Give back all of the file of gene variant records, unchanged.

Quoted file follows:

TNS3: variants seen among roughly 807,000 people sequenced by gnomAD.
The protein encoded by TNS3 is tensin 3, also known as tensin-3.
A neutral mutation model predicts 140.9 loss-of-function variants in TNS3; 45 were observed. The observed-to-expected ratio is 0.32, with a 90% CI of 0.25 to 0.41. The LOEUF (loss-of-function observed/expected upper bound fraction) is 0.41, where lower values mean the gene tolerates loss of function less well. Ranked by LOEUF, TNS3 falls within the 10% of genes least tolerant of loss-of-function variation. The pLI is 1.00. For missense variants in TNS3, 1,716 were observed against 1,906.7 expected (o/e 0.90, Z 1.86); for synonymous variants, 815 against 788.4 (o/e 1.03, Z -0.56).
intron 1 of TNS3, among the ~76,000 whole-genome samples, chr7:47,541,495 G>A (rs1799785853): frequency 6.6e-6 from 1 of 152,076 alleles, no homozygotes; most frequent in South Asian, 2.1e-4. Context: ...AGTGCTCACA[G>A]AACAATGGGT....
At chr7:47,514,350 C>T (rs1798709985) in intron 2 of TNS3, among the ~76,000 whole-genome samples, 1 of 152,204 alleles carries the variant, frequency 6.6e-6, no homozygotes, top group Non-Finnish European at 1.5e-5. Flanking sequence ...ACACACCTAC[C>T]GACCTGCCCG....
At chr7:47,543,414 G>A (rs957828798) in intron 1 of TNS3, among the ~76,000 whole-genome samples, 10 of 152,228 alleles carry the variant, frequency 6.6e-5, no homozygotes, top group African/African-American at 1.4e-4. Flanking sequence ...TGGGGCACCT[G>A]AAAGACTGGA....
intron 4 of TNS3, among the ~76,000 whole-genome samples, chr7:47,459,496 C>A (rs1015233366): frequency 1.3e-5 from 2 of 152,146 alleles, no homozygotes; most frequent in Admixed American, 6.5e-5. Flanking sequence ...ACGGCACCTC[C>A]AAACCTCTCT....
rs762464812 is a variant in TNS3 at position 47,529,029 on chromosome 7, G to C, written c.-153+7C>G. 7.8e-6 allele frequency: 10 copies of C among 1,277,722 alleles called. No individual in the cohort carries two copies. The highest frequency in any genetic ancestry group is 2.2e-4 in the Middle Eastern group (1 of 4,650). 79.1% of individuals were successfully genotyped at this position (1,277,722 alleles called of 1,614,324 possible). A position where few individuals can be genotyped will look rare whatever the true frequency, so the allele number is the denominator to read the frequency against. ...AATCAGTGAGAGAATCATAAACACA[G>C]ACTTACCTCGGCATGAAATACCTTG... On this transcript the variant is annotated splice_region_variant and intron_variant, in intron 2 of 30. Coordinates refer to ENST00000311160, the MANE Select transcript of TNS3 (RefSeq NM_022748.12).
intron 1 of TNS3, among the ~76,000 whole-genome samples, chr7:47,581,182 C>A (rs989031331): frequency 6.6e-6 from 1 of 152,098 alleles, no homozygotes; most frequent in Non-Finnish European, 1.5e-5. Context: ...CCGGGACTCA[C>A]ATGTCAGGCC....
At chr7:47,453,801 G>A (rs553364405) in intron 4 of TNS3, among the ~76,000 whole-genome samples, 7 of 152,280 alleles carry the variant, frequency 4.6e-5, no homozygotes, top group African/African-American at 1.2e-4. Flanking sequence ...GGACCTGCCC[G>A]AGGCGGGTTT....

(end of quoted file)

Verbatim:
TNS3: variants seen among roughly 807,000 people sequenced by gnomAD.
The protein encoded by TNS3 is tensin 3, also known as tensin-3.
A neutral mutation model predicts 140.9 loss-of-function variants in TNS3; 45 were observed. The observed-to-expected ratio is 0.32, with a 90% CI of 0.25 to 0.41. The LOEUF (loss-of-function observed/expected upper bound fraction) is 0.41, where lower values mean the gene tolerates loss of function less well. Ranked by LOEUF, TNS3 falls within the 10% of genes least tolerant of loss-of-function variation. The pLI is 1.00. For missense variants in TNS3, 1,716 were observed against 1,906.7 expected (o/e 0.90, Z 1.86); for synonymous variants, 815 against 788.4 (o/e 1.03, Z -0.56).
intron 1 of TNS3, among the ~76,000 whole-genome samples, chr7:47,541,495 G>A (rs1799785853): frequency 6.6e-6 from 1 of 152,076 alleles, no homozygotes; most frequent in South Asian, 2.1e-4. Context: ...AGTGCTCACA[G>A]AACAATGGGT....
At chr7:47,514,350 C>T (rs1798709985) in intron 2 of TNS3, among the ~76,000 whole-genome samples, 1 of 152,204 alleles carries the variant, frequency 6.6e-6, no homozygotes, top group Non-Finnish European at 1.5e-5. Flanking sequence ...ACACACCTAC[C>T]GACCTGCCCG....
At chr7:47,543,414 G>A (rs957828798) in intron 1 of TNS3, among the ~76,000 whole-genome samples, 10 of 152,228 alleles carry the variant, frequency 6.6e-5, no homozygotes, top group African/African-American at 1.4e-4. Flanking sequence ...TGGGGCACCT[G>A]AAAGACTGGA....
intron 4 of TNS3, among the ~76,000 whole-genome samples, chr7:47,459,496 C>A (rs1015233366): frequency 1.3e-5 from 2 of 152,146 alleles, no homozygotes; most frequent in Admixed American, 6.5e-5. Flanking sequence ...ACGGCACCTC[C>A]AAACCTCTCT....
rs762464812 is a variant in TNS3 at position 47,529,029 on chromosome 7, G to C, written c.-153+7C>G. 7.8e-6 allele frequency: 10 copies of C among 1,277,722 alleles called. No individual in the cohort carries two copies. The highest frequency in any genetic ancestry group is 2.2e-4 in the Middle Eastern group (1 of 4,650). 79.1% of individuals were successfully genotyped at this position (1,277,722 alleles called of 1,614,324 possible). A position where few individuals can be genotyped will look rare whatever the true frequency, so the allele number is the denominator to read the frequency against. ...AATCAGTGAGAGAATCATAAACACA[G>C]ACTTACCTCGGCATGAAATACCTTG... On this transcript the variant is annotated splice_region_variant and intron_variant, in intron 2 of 30. Coordinates refer to ENST00000311160, the MANE Select transcript of TNS3 (RefSeq NM_022748.12).
intron 1 of TNS3, among the ~76,000 whole-genome samples, chr7:47,581,182 C>A (rs989031331): frequency 6.6e-6 from 1 of 152,098 alleles, no homozygotes; most frequent in Non-Finnish European, 1.5e-5. Context: ...CCGGGACTCA[C>A]ATGTCAGGCC....
At chr7:47,453,801 G>A (rs553364405) in intron 4 of TNS3, among the ~76,000 whole-genome samples, 7 of 152,280 alleles carry the variant, frequency 4.6e-5, no homozygotes, top group African/African-American at 1.2e-4. Flanking sequence ...GGACCTGCCC[G>A]AGGCGGGTTT....